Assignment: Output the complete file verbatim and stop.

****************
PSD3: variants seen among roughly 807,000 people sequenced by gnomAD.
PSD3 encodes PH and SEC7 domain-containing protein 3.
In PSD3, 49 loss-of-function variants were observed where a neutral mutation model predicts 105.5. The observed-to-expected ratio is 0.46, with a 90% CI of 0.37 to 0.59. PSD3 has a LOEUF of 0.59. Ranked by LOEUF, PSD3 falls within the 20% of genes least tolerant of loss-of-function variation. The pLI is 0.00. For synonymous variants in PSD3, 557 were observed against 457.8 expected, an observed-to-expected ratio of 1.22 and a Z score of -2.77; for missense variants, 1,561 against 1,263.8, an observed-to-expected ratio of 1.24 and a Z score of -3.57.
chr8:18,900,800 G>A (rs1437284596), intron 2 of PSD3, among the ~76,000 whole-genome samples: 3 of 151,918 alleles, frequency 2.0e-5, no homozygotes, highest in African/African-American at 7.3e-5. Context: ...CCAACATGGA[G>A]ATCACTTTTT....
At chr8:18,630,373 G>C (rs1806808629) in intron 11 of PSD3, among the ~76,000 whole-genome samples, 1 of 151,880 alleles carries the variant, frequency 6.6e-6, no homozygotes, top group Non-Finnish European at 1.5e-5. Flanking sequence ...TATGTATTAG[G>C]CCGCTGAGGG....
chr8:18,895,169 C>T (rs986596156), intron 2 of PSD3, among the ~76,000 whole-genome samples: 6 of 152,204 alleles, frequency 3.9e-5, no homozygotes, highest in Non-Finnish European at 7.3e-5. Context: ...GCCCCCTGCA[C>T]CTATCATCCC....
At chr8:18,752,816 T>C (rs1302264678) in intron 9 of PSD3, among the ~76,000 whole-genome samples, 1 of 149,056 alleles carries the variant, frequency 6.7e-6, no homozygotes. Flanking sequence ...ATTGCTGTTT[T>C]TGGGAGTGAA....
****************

PSD3: variants seen among roughly 807,000 people sequenced by gnomAD.
PSD3 encodes PH and SEC7 domain-containing protein 3.
In PSD3, 49 loss-of-function variants were observed where a neutral mutation model predicts 105.5. The observed-to-expected ratio is 0.46, with a 90% CI of 0.37 to 0.59. PSD3 has a LOEUF of 0.59. Ranked by LOEUF, PSD3 falls within the 20% of genes least tolerant of loss-of-function variation. The pLI is 0.00. For synonymous variants in PSD3, 557 were observed against 457.8 expected, an observed-to-expected ratio of 1.22 and a Z score of -2.77; for missense variants, 1,561 against 1,263.8, an observed-to-expected ratio of 1.24 and a Z score of -3.57.
chr8:18,900,800 G>A (rs1437284596), intron 2 of PSD3, among the ~76,000 whole-genome samples: 3 of 151,918 alleles, frequency 2.0e-5, no homozygotes, highest in African/African-American at 7.3e-5. Context: ...CCAACATGGA[G>A]ATCACTTTTT....
At chr8:18,630,373 G>C (rs1806808629) in intron 11 of PSD3, among the ~76,000 whole-genome samples, 1 of 151,880 alleles carries the variant, frequency 6.6e-6, no homozygotes, top group Non-Finnish European at 1.5e-5. Flanking sequence ...TATGTATTAG[G>C]CCGCTGAGGG....
chr8:18,895,169 C>T (rs986596156), intron 2 of PSD3, among the ~76,000 whole-genome samples: 6 of 152,204 alleles, frequency 3.9e-5, no homozygotes, highest in Non-Finnish European at 7.3e-5. Context: ...GCCCCCTGCA[C>T]CTATCATCCC....
At chr8:18,752,816 T>C (rs1302264678) in intron 9 of PSD3, among the ~76,000 whole-genome samples, 1 of 149,056 alleles carries the variant, frequency 6.7e-6, no homozygotes. Flanking sequence ...ATTGCTGTTT[T>C]TGGGAGTGAA....